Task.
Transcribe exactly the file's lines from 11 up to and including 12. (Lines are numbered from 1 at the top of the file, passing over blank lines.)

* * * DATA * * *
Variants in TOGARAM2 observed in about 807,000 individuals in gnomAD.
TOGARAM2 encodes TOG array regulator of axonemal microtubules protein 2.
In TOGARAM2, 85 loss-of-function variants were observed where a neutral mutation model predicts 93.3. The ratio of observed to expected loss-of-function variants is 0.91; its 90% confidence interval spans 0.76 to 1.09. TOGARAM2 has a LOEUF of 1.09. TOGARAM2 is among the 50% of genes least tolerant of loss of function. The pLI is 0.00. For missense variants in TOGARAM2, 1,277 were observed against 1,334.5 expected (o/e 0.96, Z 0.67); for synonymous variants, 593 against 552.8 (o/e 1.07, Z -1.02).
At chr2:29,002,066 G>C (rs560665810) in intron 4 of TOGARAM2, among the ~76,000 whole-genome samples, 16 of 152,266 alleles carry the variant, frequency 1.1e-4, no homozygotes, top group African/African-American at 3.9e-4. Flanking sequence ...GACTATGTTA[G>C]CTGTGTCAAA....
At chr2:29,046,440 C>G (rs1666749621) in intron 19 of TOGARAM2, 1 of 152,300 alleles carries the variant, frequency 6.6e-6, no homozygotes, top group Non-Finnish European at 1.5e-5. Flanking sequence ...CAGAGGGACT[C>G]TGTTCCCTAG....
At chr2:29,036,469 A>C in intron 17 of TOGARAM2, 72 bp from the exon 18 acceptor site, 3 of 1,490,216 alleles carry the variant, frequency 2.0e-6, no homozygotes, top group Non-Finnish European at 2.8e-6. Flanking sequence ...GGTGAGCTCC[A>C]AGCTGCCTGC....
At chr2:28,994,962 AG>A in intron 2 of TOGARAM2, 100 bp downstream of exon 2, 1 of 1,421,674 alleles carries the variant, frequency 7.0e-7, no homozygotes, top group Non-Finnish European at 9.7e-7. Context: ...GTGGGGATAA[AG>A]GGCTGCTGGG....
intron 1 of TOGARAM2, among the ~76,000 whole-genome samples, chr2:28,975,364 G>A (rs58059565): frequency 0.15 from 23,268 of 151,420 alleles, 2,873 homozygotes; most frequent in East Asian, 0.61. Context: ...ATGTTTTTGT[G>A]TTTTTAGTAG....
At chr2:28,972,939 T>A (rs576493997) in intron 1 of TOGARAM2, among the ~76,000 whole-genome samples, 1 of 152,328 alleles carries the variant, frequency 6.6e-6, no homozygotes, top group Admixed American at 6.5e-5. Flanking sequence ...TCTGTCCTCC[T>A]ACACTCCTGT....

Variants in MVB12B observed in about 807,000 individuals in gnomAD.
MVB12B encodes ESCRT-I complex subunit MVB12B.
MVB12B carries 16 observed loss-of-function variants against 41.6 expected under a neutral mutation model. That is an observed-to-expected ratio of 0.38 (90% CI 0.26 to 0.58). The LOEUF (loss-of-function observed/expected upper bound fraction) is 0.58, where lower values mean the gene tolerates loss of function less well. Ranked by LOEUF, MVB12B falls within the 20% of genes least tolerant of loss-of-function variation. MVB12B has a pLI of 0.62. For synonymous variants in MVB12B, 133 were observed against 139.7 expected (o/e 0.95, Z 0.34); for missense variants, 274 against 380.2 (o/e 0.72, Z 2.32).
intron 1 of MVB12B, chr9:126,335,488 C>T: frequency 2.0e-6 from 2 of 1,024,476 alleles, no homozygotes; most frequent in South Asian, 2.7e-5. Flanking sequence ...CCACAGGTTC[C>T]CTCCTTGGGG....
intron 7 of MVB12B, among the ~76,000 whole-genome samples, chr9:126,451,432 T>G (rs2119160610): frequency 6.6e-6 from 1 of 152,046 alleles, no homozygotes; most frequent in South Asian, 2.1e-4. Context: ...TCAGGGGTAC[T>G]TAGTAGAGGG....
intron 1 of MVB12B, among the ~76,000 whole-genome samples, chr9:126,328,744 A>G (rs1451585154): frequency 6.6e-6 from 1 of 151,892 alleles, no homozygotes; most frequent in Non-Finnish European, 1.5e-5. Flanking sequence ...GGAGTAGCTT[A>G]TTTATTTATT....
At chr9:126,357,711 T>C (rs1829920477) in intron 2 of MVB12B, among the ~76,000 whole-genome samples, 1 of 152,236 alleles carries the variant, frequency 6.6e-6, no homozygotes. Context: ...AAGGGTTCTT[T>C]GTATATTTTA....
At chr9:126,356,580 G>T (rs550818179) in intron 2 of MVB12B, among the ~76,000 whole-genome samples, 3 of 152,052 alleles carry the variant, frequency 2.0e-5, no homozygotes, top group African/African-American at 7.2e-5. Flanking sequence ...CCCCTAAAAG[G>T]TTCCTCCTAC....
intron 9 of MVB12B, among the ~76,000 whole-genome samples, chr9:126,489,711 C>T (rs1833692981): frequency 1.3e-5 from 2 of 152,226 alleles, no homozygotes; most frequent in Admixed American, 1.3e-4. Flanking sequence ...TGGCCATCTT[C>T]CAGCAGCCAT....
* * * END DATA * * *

MVB12B encodes ESCRT-I complex subunit MVB12B.
MVB12B carries 16 observed loss-of-function variants against 41.6 expected under a neutral mutation model. That is an observed-to-expected ratio of 0.38 (90% CI 0.26 to 0.58). The LOEUF (loss-of-function observed/expected upper bound fraction) is 0.58, where lower values mean the gene tolerates loss of function less well. Ranked by LOEUF, MVB12B falls within the 20% of genes least tolerant of loss-of-function variation. MVB12B has a pLI of 0.62. For synonymous variants in MVB12B, 133 were observed against 139.7 expected (o/e 0.95, Z 0.34); for missense variants, 274 against 380.2 (o/e 0.72, Z 2.32).